Science and Technology

In the near future, so-called smart materials may eliminate the need for batteries in hybrid cars and in solar panels. Cornell Ciocanel is a mechanical engineer at Northern Arizona University. He’s developing a new smart material that’s strong enough to be used in the body of a car and also stores electricity like a battery.

Brain Food: Ice Age Art

Mar 6, 2014
Courtesy of Ekkehart Malotki

A Northern Arizona University professor emeritus says he’s never seen anything like a recent find in the Utah desert. This, despite 25 years spent studying rock art at thousands of sites. Retired ethnolinguist Ekkehart Malotki is researching what could be the oldest known realistic engravings of Columbian mammoths in the Western Hemisphere: petroglyphs from the Ice Age near the San Juan River.

Brain Food: Bagging an Asteroid

Feb 27, 2014
Courtesy photo

NASA wants to catch an asteroid, place it into orbit around the Earth, and send astronauts to retrieve pieces of it for scientific study. The agency just needs the right asteroid. NASA has asked Northern Arizona University astronomer David Trilling, one of the world’s foremost asteroid experts, to find it — a task much easier said than done.

Photo courtesy of David Winslow Van Ness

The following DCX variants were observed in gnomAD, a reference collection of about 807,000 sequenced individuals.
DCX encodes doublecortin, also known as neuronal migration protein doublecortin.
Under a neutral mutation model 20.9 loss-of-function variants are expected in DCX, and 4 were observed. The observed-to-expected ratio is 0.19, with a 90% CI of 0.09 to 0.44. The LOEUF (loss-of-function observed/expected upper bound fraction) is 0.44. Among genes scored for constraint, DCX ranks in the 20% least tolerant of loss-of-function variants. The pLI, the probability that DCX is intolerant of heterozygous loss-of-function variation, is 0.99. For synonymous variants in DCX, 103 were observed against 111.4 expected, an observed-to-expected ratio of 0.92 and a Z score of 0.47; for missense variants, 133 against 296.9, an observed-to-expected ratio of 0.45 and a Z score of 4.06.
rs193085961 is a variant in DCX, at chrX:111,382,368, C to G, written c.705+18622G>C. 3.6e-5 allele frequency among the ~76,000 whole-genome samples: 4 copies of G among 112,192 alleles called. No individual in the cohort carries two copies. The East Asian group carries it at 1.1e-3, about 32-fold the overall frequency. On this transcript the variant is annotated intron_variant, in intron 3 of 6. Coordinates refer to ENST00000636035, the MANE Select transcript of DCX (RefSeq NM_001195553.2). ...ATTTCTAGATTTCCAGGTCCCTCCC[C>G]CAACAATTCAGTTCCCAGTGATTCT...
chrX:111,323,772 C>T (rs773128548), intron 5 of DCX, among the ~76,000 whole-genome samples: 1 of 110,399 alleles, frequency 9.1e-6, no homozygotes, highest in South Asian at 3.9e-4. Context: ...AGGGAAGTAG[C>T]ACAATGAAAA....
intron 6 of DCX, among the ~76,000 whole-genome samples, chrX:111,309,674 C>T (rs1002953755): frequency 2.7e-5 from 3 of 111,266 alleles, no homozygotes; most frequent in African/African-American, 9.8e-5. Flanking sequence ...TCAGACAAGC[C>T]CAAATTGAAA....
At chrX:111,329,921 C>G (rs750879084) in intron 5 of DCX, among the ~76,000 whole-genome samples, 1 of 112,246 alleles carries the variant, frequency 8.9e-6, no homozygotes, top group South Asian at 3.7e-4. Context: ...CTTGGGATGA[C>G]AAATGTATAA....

Suppose you need a wrench, or a knee replacement, or a hamburger. David Winslow Van Ness says, not a problem. In the not-too-distant future, just print one out.

Brain Food: Valentine's Day In The Natural World

Feb 13, 2014
Trees For Life

As we get ready to celebrate Valentine's Day, Northern Arizona University ecology professor Nancy Collins Johnson reminds us that we can learn a lot about relationships from nature. Collins is a soils expert who studies mycorrhizal symbiosis - or, healthy relationships between fungi and the roots of plants.

Brain Food: The Discovery Channel Telescope

Jan 23, 2014
Len Bright/Lowell Observatory

The highly sensitive camera of Lowell Observatory's Discovery Channel Telescope is painting a brighter picture of faint objects in the universe.

Brain Food: Spring-Loaded Muscles

Jan 16, 2014
Danielle Borth, NAU Office of Public Affairs

A Northern Arizona University regents’ biology professor is studying how the speed with which frogs catch insects can improve the mechanics of artificial limbs for humans. Kiisa Nishikawa has discovered the connection is a protein called titin. It essentially enables muscles to “think,” reacting in milliseconds, rather than waiting for a signal from the brain.

Brain Food: Growing Human Skin

Dec 5, 2013
Bonnie Stevens/KNAU

Step into Robert Kellar's physiology and anatomy class at NAU and you'll learn how the human body works. But, step into his lab an you'll learn how to grow human skin. Dr. Kellar can teach plants how to manufacture human protein.

Bonnie Stevens/KNAU

It's estimated that by the new year, more than 60 million Americans will be using iPads. NAU geologist Lisa Skinner is already using them in the field with her students as a geologist time machine of sorts.

Brain Food: The One Gene Difference

Nov 14, 2013

Some scientists predict the Southwest will continue on its warming trend. NAU biology professor Tom Whitham says the rise in temperatures is happening so fast - 3 degrees in the last 60 years - that many plants are not able to adapt and survive.